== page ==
“Are you pleased?” 

Her voice belonged more to a curious child than to the siren standing before him.

“More than I can say. You’re exquisite, Shelina.”

Months later such words still seemed inadequate. The bridegroom-to-be doubted he could ever tire of looking at her.

“I’m preparing to set the coordinates for Earth, Geoffrey, but there is something, something I should –” Shelina hesitated, as if afraid to add anything that might jeopardize their union. “There is something I believe you should know …” Her voice sounded almost plaintive, but it made her all the more endearing. “If it will change anything – if it will change your feelings for me – it is best that I know now. Before I … before we –” 

Nothing could change his feelings for her. Geoffrey felt mild amusement that Shelina could even entertain the thought.

“Tell me,” he said, more charmed than curious. “Do Diaphaenesian women shed their skins like snakes? Morph into slime creatures in old age? Eat their young?”

He heard the woman gasp. She waited a moment before she spoke.

“Of course not.”

“Well, then, how bad could it-?”

“It’s more complicated. It concerns our – what is your word for it? – our evolution . I’m a religious woman, Geoffrey. Diaphaenesians are not as you. Our ancestry are not tree apes, as are yours, according to some beliefs. We have evolved from something else. From what you call … God .” 

Geoffrey had to restrain himself from laughing out loud. Here, in Shelina’s own words, came the intergalactic equivalent of Earth’s oldest theological conundrum, the origins of a species newly applied to extra terrestrials. Presented by any religious zealot from Earth this argument was unwinnable. Geoffrey had no intentions of debating creationism with the woman he intended to marry. If once upon a time Diaphaenesians were created in God’s own image, well then, God must have had himself one hell of a day.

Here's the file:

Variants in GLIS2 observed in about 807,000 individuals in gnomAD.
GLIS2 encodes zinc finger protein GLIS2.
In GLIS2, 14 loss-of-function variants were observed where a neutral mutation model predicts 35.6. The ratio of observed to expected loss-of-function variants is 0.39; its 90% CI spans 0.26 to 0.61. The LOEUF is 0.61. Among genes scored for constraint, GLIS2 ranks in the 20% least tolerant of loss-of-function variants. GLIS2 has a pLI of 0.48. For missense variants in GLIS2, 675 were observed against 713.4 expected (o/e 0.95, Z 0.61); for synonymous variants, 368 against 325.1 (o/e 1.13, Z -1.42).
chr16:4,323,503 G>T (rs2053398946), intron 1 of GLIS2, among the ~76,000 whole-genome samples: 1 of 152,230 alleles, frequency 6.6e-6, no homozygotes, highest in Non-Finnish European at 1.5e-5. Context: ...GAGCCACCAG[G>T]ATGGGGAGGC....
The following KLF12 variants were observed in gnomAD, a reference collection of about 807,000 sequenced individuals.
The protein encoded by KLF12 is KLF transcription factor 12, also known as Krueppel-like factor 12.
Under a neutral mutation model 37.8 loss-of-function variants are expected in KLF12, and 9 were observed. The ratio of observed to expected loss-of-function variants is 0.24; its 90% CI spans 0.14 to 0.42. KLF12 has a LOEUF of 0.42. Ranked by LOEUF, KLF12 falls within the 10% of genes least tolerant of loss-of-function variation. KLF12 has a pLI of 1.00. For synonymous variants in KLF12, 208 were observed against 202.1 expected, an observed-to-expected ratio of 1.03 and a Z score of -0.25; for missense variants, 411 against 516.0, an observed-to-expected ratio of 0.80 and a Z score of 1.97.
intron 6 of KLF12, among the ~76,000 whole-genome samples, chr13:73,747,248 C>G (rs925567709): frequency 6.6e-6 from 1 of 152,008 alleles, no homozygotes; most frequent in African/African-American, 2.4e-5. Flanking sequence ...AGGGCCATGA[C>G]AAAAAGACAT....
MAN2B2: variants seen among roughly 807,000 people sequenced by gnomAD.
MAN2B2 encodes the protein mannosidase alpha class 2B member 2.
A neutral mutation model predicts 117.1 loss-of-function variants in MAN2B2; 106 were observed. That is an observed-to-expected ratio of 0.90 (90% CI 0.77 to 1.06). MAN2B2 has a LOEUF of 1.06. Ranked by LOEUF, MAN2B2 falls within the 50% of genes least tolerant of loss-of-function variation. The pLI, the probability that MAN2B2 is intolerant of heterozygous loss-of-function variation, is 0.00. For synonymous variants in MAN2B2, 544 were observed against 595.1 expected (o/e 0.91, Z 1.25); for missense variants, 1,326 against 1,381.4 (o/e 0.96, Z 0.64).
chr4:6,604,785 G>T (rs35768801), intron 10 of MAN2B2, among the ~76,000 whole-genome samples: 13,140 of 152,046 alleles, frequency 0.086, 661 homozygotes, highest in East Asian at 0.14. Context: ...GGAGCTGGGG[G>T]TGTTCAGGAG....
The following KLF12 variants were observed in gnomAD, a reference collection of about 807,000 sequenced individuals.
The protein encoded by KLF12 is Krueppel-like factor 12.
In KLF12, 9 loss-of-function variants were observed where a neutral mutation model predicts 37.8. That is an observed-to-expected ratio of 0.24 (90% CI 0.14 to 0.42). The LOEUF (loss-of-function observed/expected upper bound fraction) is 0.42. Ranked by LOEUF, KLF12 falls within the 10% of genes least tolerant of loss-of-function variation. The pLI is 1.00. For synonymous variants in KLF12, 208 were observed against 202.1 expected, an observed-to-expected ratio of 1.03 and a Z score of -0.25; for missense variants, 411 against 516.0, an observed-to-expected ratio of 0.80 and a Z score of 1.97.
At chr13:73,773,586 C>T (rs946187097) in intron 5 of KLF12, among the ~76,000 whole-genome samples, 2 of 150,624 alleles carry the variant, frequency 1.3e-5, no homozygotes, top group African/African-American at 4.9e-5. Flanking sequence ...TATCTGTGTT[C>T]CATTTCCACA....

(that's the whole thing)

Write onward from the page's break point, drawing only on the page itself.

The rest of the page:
“I would have expected nothing less than godliness in your lineage,” he told her.

Shelina’s smile filled the computer screen.

“Then I am yours, my darling,” she said. “Wait for me?”

“To the end of the world. But preferably sooner.”

She blew him a kiss. The monitor flickered off.

Geoffrey eagerly awaited the arrival of the woman who would be his wife.



So, you told your bridegroom?” the older she-creature asked her daughter.

“I did, Mother. He seemed quite understanding.”

The elder female raised a tentacle that explored the air then disappeared again inside her skull. She seemed unconvinced.